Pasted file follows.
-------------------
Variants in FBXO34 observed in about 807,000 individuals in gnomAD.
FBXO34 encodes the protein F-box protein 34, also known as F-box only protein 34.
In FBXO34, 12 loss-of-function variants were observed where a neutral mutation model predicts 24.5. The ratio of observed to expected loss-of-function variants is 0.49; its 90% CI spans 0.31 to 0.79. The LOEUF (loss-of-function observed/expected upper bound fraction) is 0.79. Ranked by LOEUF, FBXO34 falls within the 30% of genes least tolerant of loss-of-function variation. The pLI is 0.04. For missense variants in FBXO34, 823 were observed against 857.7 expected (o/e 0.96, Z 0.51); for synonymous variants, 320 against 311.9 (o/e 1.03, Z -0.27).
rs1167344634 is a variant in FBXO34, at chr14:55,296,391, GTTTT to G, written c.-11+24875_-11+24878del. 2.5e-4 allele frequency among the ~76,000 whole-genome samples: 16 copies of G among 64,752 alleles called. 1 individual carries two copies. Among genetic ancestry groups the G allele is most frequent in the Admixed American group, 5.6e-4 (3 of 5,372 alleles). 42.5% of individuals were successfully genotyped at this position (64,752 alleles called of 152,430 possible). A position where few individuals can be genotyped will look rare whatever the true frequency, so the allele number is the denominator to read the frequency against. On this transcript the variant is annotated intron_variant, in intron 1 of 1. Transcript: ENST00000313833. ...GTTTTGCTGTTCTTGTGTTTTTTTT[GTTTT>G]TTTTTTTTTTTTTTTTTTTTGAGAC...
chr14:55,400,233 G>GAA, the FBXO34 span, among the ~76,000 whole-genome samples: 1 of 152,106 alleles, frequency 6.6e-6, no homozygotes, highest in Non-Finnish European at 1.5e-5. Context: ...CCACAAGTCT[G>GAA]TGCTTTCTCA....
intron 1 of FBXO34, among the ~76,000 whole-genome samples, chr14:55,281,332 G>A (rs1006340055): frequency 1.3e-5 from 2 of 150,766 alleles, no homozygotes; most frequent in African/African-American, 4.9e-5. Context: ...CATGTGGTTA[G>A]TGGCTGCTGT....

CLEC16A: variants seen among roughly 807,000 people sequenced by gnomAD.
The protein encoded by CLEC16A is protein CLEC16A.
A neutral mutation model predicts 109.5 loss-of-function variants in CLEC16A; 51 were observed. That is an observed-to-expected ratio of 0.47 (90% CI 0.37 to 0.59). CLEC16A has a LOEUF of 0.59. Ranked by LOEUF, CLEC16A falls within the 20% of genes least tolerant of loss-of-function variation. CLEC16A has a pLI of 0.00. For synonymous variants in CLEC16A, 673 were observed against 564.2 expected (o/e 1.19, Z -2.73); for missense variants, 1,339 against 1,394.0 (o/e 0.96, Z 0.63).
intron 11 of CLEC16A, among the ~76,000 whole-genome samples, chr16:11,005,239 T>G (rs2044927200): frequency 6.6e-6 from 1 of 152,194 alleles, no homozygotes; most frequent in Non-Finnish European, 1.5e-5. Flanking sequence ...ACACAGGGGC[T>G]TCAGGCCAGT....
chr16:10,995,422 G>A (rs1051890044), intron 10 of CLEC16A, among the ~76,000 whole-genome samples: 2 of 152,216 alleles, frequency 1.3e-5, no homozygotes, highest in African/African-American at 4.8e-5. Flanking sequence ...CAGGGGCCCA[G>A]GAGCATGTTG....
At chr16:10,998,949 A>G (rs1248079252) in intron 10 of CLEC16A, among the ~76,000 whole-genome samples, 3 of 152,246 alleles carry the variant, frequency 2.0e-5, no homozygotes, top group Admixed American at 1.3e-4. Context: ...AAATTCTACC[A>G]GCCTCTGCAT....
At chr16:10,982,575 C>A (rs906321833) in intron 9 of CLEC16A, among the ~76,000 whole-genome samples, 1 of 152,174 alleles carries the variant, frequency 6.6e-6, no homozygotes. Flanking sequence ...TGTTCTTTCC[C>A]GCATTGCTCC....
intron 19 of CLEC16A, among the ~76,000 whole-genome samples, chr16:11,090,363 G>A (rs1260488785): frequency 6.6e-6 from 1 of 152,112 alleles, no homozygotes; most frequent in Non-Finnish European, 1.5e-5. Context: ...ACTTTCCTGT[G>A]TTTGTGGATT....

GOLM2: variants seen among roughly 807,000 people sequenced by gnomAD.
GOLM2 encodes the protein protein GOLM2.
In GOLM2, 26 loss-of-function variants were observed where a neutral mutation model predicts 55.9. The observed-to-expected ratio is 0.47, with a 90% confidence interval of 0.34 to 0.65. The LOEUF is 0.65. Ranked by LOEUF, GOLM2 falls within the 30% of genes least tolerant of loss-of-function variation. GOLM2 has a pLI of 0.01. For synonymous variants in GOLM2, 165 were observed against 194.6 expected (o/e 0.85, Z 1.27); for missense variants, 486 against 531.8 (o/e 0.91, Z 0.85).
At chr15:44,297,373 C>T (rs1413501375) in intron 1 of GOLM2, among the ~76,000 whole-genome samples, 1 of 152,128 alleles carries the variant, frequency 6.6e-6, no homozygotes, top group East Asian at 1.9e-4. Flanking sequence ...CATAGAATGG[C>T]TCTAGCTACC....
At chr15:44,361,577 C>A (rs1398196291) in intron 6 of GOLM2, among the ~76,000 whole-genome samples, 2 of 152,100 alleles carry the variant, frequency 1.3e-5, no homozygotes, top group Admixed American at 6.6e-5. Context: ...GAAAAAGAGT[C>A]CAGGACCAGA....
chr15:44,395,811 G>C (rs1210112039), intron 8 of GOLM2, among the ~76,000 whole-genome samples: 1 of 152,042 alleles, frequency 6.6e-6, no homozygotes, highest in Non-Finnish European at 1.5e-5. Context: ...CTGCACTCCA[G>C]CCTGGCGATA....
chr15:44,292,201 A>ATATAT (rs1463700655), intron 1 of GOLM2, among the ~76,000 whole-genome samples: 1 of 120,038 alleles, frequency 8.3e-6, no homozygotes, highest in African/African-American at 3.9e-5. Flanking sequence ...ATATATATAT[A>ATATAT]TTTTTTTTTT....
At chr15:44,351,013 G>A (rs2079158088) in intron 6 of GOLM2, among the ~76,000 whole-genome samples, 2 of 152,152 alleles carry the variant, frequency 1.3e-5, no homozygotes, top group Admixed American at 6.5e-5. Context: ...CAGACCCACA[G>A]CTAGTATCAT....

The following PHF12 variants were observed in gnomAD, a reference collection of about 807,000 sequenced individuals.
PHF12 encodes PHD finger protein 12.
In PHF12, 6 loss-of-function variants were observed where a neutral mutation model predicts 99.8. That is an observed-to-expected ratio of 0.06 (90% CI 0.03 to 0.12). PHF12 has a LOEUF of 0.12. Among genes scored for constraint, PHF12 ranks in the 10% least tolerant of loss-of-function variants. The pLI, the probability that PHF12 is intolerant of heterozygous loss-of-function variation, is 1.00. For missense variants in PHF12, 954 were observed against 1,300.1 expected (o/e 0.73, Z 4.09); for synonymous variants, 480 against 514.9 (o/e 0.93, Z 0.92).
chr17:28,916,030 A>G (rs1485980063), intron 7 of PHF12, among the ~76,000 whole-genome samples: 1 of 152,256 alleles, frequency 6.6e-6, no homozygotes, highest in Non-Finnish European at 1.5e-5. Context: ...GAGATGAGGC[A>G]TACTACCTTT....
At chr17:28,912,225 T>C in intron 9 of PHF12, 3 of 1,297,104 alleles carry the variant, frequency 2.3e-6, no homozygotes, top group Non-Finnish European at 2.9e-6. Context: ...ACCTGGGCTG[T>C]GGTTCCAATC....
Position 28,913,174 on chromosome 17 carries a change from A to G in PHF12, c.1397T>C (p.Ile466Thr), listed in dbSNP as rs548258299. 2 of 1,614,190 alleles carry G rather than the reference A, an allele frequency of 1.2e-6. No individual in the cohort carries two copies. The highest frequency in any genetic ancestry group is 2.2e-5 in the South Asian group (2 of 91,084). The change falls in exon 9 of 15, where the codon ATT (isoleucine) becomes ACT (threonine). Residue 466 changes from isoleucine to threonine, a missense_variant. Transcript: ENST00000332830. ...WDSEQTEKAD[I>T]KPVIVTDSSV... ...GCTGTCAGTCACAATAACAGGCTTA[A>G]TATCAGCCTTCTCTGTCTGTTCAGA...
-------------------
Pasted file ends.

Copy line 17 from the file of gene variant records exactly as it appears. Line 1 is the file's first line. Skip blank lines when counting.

In GOLM2, 26 loss-of-function variants were observed where a neutral mutation model predicts 55.9. The observed-to-expected ratio is 0.47, with a 90% confidence interval of 0.34 to 0.65. The LOEUF is 0.65. Ranked by LOEUF, GOLM2 falls within the 30% of genes least tolerant of loss-of-function variation. GOLM2 has a pLI of 0.01. For synonymous variants in GOLM2, 165 were observed against 194.6 expected (o/e 0.85, Z 1.27); for missense variants, 486 against 531.8 (o/e 0.91, Z 0.85).